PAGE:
“RuPaul’s Drag Race” Winner Raja On The “All Stars” Cast List And Why the 2000s Weren’t A Great Time For Sissies

Sutan Amrull, a.k.a. the decadent drag queen Raja, was the clear favorite in the third season of RuPaul’s Drag Race, scooping up victories in the first two challenges and coasting on fabulous self-confidence until he eventually picked up the third season crown. The America’s Next Top Model makeup artist, who has also counted Adam Lambert, Iman, and Dita von Teese among his clients, may have led a small faction of queens that he called “the Heathers,” but he was ultimately a respectful queen who simply brought it. We caught up with the Cali native to discuss life since the show, his feelings about the All Stars season of Drag Race (which features no past winners), and the sissy hell of the early 2000s.

AfterElton: Well, here’s a question I’m sure you don’t get often: How is life different after the show?
Sutan Amrull: [Laughs.] It’s changed quite a bit. I was on Facebook this morning, and I didn’t know any of the friends I had on my normal Facebook page. I had this small weird panic attack. This happens rarely, but things are just so different now.  You know? There’s a different audience. I have to filter out the nonsense, the haters, the bullsh*t that come along with the territory and really focus. I have to tailor what it is, what kind of message what I want to put out there and really focus, which I’ve never been into before. I hate focusing! So now I’m being forced to focus and figure out what my legacy is. I feel lucky to get to do that.

AE: I take it you’ve seen the cast list from RuPaul’s All Stars Drag Race. Do you have favorites to win yet?
SA: I think its a great idea! From what I understand, it’s going to be pretty short. It’s only six episodes, I guess? I wish there were more. I’m so addicted to it. I was addicted even before I was on it, so I’d like to see more. I have a few favorites on there as far as friends, like I’ve always been a big fan of Raven and of course Camilla because we spent so much time together. I’m excited they get a second chance at exposure, and it’s going to be really cool to watch.

AE: Do you have a favorite underrated queen from the show? One who got, say, ninth place and deserved better?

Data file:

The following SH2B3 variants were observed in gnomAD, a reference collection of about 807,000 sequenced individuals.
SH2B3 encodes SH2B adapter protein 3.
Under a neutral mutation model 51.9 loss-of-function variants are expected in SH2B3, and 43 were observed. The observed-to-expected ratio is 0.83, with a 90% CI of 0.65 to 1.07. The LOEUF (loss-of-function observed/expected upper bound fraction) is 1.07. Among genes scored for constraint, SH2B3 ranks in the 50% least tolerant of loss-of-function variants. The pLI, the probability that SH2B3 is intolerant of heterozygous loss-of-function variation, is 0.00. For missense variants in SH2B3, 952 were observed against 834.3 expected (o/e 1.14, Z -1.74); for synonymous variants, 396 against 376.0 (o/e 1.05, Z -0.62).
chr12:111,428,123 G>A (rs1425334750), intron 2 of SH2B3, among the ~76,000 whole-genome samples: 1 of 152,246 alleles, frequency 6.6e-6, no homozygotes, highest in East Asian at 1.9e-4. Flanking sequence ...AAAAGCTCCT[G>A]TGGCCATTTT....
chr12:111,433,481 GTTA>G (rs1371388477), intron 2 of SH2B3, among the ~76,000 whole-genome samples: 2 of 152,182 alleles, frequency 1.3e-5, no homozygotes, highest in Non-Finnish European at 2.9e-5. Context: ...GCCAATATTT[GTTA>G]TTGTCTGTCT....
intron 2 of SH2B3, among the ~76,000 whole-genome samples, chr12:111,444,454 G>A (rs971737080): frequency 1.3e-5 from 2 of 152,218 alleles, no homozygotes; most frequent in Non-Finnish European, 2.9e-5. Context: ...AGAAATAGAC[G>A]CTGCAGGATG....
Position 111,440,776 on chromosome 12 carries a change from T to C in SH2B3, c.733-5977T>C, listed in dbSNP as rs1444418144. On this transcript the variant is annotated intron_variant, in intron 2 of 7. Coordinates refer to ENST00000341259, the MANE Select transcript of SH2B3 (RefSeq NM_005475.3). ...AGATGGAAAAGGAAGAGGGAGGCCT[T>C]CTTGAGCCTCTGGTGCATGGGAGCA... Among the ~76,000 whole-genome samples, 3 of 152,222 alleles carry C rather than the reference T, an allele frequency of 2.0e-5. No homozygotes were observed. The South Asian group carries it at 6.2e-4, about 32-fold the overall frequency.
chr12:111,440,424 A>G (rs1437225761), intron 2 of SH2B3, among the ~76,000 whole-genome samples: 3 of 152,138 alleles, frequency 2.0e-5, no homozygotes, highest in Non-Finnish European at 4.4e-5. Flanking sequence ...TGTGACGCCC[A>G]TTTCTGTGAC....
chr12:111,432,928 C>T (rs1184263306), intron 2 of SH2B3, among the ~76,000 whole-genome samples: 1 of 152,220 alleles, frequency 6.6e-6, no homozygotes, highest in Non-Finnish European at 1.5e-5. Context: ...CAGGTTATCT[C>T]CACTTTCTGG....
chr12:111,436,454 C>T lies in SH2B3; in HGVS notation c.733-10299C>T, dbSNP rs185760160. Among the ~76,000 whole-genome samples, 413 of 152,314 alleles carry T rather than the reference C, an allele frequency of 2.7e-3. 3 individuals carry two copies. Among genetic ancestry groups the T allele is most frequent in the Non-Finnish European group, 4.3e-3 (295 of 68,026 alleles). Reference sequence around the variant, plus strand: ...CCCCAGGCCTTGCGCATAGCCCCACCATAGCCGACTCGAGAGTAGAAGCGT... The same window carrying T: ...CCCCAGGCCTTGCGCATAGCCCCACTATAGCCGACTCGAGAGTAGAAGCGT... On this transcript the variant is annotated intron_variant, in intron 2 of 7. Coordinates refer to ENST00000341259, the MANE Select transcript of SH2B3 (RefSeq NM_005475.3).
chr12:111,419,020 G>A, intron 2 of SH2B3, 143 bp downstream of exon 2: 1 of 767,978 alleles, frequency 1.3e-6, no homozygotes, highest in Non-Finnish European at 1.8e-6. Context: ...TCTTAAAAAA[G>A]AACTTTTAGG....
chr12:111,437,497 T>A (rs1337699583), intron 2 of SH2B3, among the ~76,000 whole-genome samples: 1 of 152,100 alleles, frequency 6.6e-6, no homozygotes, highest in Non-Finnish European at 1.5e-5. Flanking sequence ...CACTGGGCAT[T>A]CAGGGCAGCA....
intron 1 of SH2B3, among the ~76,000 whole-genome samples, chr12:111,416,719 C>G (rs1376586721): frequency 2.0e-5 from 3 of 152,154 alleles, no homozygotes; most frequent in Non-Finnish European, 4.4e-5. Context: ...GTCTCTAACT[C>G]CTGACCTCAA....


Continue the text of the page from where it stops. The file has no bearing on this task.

SA: I don’t really have one. As far as watching them compete, I think Raven was definitely my favorite, and not just because I’m friends with her, but because of the Raven-ness of it all. I love it! But they’re all my friends at this point. It’s been a sorority that’s built up over these past few seasons.

AE: I personally thought your Heathers shtick on your season was hilarious. Do your fans routinely bring that up to you? It was divisive with some viewers.
SA: Oh, I think a lot of people really related to that. Everyone loves those stupid movies — the Mean Girls and Heathers. You can’t take it too seriously. The intention was not to be bullies or mean girls by any means, but to create teams. It is a sport. It is a competition. No one wants to see one team hugging on each other loving. You have to embrace the competitive nature of a competition. I think a lot of of people do relate to it and a lot of people do realize it’s tongue and cheek. It’s not meant to be taken seriously; it’s a game. And life is a competition, so that’s what I wanted to relate with that.

AE: One of my favorite things about you is that you’ve stated plainly that it sucks to have haters, that it’s annoying and a little depressing. Do you deal with criticism, particularly harsh stuff from anonymous internet commenters, differently now than you did after you won your season?
SA: I think when I said that on the reunion, I think it was still so fresh to me. I’d spent most of my life — you know, you want people to like you. I work in a business where you make friendships and you want people to like you. It’s very foreign to have people who “hate” you for no reason at all. They dont even know you at all, and they make an assumption based on what they see on television. It all seems so unfair, but I’ve had some time to deal with it, and I have friends who are far, far more famous than I am, and I’ve asked them for some advice, and they’re like, “You know what? If you don’t see the haters, they just don’t exist.” Basically: Just ignore it. There’s a bravado that comes with being hidden behind a computer screen. It really doesn’t matter if you focus on the people who really support and get your message.

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